These are HERC's soft rock faves from 1978. He's already featured his country and funk picks for the year is his spotlight on his 100 favorite songs from 1978. Remember his only caveat: one song per artist. And a very special thanks to all the wonderfully observant people who have taken the time to point out that the Discogs picture sleeves and/or labels featured in these 1978 posts are not the U.S. ones - they are for illustrative purposes only.
Those harmonic guitar licks lure HERC in and the lyric "Wearin' the mask of false bravado" still gets him every time just like "little old lady got mutilated late last night" from Warren Zevon's "Werewolves Of London", which will be featured on upcoming segment of HERC's 1978. Player's "Baby Come Back" spent three weeks atop the Hot 100 in January 1978 and has always been a favorite of HERC's - he's had his same 45 since November 1977. Finding out the album version was a full :40 longer than the single was an epiphany. Favorite cover version is Lisa Stansfield's funky take.
Samantha Sang's breathless "Emotion" was a favorite of HERC's little sis (she bought the 45 first) before HERC caught onto it. Sure, it's a Bee Gees song in every way except for the credited lead artist but the Brothers Gibb reclaimed it as their own with an oddly sung, more rhythmic version recorded in 1994. After all, Sang could only muster a #3 with the song as it was held out of the top two spots in consecutive weeks by the Bee Gees' "Night Fever" and "Stayin' Alive". Don't call the Beygency on him but HERC isn't a fan of the slow (or fast) cover of "Emotion" by Destiny's Child in 2001.
In his comment on Volume 25 of Rhino's Have A Nice Day series, HERC called the Big Star-like chorus in this song "predatory" because it will "stalk you for days". The song is not available on Spotify in its original #13 Pop/#11 Easy Listening hit glory but you can listen to it here and make up your own mind. Not to be confused with this equally hooktastic song.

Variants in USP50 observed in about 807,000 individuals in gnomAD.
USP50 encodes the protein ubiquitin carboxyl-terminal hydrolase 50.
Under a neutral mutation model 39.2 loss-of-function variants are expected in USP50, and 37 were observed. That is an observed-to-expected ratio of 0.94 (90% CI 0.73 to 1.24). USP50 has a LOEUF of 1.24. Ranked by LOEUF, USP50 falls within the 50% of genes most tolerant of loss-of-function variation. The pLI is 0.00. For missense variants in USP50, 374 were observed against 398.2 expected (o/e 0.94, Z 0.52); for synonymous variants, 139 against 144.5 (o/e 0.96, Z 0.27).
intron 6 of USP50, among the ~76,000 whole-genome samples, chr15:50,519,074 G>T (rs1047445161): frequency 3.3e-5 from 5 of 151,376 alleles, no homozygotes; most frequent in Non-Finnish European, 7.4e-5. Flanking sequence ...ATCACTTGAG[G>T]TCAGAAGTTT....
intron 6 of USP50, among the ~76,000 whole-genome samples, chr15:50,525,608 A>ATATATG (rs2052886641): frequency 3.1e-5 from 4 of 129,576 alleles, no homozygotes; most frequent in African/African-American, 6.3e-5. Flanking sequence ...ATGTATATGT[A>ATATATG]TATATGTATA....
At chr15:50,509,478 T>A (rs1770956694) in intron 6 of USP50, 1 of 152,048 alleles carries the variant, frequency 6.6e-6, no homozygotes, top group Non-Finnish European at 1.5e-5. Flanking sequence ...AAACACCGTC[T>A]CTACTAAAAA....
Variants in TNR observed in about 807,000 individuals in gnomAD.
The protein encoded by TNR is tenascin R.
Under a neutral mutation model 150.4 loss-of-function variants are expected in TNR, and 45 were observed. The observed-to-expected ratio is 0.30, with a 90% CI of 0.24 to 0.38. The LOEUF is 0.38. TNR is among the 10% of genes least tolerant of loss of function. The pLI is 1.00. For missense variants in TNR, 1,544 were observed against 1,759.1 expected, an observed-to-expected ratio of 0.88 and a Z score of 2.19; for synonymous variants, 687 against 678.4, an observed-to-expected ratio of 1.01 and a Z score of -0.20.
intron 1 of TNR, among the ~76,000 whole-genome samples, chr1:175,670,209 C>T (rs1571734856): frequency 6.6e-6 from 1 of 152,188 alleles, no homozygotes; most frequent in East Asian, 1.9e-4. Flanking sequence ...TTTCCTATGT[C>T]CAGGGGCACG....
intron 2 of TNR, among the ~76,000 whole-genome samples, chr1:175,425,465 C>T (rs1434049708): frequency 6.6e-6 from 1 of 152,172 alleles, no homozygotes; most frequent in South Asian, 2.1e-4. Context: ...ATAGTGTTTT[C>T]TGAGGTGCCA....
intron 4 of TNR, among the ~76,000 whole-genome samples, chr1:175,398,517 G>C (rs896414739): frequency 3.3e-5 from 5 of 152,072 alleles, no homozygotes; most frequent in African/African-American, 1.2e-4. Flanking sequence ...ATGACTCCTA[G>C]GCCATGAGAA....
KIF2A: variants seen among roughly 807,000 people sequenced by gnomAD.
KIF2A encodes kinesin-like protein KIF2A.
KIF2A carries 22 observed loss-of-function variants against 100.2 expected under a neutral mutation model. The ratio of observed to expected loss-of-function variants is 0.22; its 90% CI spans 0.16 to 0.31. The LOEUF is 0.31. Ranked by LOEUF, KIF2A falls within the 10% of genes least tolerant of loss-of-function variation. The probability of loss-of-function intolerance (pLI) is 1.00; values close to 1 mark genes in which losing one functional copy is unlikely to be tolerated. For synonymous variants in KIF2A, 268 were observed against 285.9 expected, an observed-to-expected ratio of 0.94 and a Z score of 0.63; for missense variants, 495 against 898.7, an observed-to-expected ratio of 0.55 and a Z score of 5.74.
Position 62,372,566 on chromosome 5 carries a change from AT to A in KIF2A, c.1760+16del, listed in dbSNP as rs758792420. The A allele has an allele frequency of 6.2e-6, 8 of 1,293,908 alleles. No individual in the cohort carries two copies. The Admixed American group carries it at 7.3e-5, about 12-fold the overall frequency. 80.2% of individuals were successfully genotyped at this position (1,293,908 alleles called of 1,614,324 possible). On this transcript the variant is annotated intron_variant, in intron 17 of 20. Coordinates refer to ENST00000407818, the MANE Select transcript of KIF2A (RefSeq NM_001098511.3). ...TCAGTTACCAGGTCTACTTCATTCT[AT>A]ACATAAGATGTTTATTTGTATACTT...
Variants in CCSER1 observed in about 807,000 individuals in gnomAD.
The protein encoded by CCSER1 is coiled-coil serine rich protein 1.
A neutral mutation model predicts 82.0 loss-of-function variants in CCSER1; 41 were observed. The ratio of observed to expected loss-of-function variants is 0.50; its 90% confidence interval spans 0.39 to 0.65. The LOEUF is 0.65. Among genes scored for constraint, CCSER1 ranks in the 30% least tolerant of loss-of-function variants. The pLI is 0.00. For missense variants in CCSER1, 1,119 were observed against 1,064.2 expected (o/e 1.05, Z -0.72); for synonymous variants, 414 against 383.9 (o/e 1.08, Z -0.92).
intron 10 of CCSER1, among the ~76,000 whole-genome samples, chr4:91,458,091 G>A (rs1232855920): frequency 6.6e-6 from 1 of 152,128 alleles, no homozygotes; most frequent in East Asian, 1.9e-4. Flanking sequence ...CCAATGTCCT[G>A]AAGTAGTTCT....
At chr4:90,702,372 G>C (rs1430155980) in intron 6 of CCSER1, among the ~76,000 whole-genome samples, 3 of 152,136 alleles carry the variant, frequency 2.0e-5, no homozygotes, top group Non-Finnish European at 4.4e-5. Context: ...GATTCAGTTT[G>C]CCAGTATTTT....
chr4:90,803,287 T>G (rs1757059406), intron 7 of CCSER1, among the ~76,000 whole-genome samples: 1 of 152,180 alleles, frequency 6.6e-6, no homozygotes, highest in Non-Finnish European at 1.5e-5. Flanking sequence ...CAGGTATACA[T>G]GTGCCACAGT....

Very few people knew that this was Bruce Springsteen song and even less had ever heard it as he was never satisfied with his version of it and didn't release it until 2010, more than 30 years after it was originally tracked. The Pointer Sisters, much to their credit, do make the song their own though with a slow burning build-up and a happy ending chorus. "Fire" stalled at #2 on the Hot 100 behind Rod Stewart's "Da Ya Think I'm Sexy?" for two weeks.
Paul Davis crafted a solid run of soft rock songs from the early Seventies through the early Eighties, including a dozen Easy Listening/Adult Contemporary singles and fifteen Hot 100 singles. "I Go Crazy" was released right in the middle of his streak and held the record for the longest stay (40 weeks) on the Hot 100 until 1982 when Soft Cell's "Tainted Love" logged a chart run 43 weeks. (FYI: This 2012 song holds the current record with an incredible 87 weeks on the Hot 100.)
One of the earliest rockin' slow jams aka power ballads, Journey's "Lights", an ode to its hometown of San Francisco, failed to chart on the Easy Listening chart in 1978 - an inferior live version of the song made it to #30 on the Adult Contemporary chart fifteen years later. Other prototypical power ballads include "Love Hurts" (1976) by Nazareth, "Beth" (1976) by Kiss and "Wildflower" (1973) by Skylark.
Walter Egan's "Magnet And Steel" is a wonderfully plodding junior high slow dance grinder. The background "ooohs" and the plinking toy piano only heighten the atmospheric come-on. "With you I'm not shy" indeed. Egan gets bonus points for also writing "Hot Summer Nights" which was covered in a Summer sultry style by Night, featuring Stevie Lange on vocals.
Another slow jam with only this time with more adult memories. HERC remembers holding MRS. HERC in his arms at some function while this song, Elvin Bishop's "Fooled Around And Fell In Love" and Linda Ronstadt's cover of "Ooh Baby Baby" played circa 1989. The way she always looks, the way she always smells and the way her body melds with HERC's - they're gonna dance to these again REAL soon. She's HERC's Angel Baby.
This is one of HERC's all-time favorite, most cherished songs and one he rarely shares with anyone. He still has the 45 for this one as well as the parent album, Thankful. Shockingly, "Our Love" only made it to #33 on the Easy Listening chart (what sayeth the soft rock kid on this travesty?) while topping the Hot Soul Singles chart and going Top 10 on the Hot 100. Mary J. Blige does a faithful cover of "Our Love" on her Share My World album.
It's the lush, layered vocals and harmonies that make "Reminiscing" stand out from the dreck. The lyrical and musical references to Glen Miller and Cole Porter are nice touches as well. It remains the Aussie band's highest charting hit in America, hitting #3 on the Hot 100 and #10 on the Easy Listening chart. Another outstanding track from the same album is "Lady".
On August 19, 1978, "Three Times A Lady" was simultaneously Number One on three U.S. charts: Hot 100, Hot Soul Singles and Easy Listening. (It was also #1 that week in the UK.) Somewhat disappointingly, the song was the only Motown record to make the Top 10 in 1978. The single edit is a full 3:00 shorter than the album version.